Brighter Group’s Steve Dunne says marketing costs are easy to cut when the going gets tough, but firms risk becoming stuck in a commercial pit with no means of escape
Picture the scene.
You’re in a deep pit with no obvious escape route. You can see daylight at the top of the hole but it’s out of reach. In the pit with you is an axe, a wooden ladder, a set of climbing hooks and a rope.
What would you do next?
Would you bellow for help at the top of your voice for hours on end? Would you chop up the ladder and set that, and the rope, on fire to make some heat and light. Or would you use the tools you have in the pit to escape?
The answer, one would hope, is obvious. You would use the tools at your disposal to escape the pit.
Yet, in the past few weeks, as budgets are being set for the forthcoming financial year, I have been exposed, across a number of meetings, to travel executives from different segments of the sector debating the reduction of their marketing budget as a cost-cutting exercise to “keep overheads under control”.
And, increasingly, I find that that the executives who most bemoan the lack of editorial coverage their product achieves, or the struggle their service has in getting its message to the consumer, are the same executives who see PR and marketing as merely an overhead, one to be cut at every opportunity.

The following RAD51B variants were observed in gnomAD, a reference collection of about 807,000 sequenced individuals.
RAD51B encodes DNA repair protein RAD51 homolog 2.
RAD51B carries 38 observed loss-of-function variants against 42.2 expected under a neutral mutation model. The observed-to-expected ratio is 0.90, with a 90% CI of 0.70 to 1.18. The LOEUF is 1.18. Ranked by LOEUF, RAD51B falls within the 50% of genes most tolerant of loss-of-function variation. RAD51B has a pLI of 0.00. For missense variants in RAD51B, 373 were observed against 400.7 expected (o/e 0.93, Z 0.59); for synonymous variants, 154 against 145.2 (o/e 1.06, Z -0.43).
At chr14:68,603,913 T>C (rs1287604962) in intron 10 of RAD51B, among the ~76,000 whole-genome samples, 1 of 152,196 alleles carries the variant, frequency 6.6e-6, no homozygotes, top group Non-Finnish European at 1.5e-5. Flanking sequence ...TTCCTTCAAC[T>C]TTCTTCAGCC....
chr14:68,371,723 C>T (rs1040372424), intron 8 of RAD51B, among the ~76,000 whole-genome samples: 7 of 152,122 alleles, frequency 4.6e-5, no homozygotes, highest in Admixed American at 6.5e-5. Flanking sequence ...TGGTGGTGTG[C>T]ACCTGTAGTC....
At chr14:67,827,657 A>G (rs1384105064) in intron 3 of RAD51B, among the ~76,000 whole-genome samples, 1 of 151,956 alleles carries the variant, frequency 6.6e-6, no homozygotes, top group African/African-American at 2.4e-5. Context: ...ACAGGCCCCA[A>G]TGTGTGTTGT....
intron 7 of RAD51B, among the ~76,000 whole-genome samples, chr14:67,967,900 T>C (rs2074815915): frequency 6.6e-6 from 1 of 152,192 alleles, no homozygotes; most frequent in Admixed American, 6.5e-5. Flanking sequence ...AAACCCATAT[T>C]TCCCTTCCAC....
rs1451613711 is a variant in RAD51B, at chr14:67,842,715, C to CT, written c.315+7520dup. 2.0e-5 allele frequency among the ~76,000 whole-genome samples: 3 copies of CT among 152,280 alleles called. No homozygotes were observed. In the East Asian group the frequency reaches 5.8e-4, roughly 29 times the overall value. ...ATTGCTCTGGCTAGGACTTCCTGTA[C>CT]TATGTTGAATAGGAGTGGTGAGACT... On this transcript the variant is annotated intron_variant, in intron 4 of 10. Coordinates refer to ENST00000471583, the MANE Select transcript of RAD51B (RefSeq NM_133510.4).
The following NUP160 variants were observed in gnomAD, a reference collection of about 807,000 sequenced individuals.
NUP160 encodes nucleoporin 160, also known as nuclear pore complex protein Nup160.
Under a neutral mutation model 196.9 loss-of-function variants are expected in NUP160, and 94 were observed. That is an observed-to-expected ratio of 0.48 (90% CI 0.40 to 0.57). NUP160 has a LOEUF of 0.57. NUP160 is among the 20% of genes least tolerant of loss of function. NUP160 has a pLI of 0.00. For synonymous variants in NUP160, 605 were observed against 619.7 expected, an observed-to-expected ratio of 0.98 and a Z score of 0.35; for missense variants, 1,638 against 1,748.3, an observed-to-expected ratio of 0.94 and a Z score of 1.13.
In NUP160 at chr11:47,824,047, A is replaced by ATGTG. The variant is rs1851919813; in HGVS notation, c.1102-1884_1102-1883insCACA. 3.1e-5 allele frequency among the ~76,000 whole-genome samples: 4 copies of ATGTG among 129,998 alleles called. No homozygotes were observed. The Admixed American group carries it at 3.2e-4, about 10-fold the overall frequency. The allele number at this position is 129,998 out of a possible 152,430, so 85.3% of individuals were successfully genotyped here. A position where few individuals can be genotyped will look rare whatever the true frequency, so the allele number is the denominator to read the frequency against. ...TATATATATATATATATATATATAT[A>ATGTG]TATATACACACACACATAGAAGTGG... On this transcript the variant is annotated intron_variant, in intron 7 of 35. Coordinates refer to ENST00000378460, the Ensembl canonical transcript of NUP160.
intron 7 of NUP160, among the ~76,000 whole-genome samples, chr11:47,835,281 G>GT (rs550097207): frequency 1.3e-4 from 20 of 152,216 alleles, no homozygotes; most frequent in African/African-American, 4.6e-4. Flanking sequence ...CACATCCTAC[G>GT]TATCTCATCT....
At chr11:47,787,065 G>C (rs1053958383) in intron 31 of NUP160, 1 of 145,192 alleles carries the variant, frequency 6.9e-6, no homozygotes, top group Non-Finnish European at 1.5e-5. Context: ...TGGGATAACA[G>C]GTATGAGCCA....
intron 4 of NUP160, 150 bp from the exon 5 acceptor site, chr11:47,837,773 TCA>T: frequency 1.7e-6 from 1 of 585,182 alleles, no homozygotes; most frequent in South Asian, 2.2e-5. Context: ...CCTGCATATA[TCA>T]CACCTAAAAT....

Now, as a businessman myself I am of course acutely aware of the need to keep a tight grip on one’s cost base.
However, I am also aware that if I don’t invest in my marketing and PR then I am going to struggle to get new business and to compete effectively with my competitors.
Put simply, I believe your company’s marketing budget should not be treated as an overhead.
In my view, using the phrase ‘marketing budget’ is deluding oneself. Budgets are easy to cut when the going gets tough – indeed there is an almost macho thing about saying “we don’t have a very big marketing budget” or “we need to cut the budget”.
However, if you use the phrase ‘investment’ instead of ‘budget’ one immediately sees a change of mind-set in a brand.
“We need to reduce our investment in promoting our product” is a phrase that demands far more stringent debate at senior level then “let’s cut the marketing budget”.
Who would you as a customer or shareholder have more faith in – a brand that is not investing in its profile, reputation and awareness, or one that confidently is?
And let’s remember: one’s marketing budget is not just for promoting your product to a new market – it’s as much about reassuring existing customers that they have made the right choice in buying your product; that buying your product says something about them – to them and to their world.
So, as you sit around the planning table working out next year’s financial plan, try to insert the word investment in for budget and see the difference it makes to the approach your brand takes in promoting itself.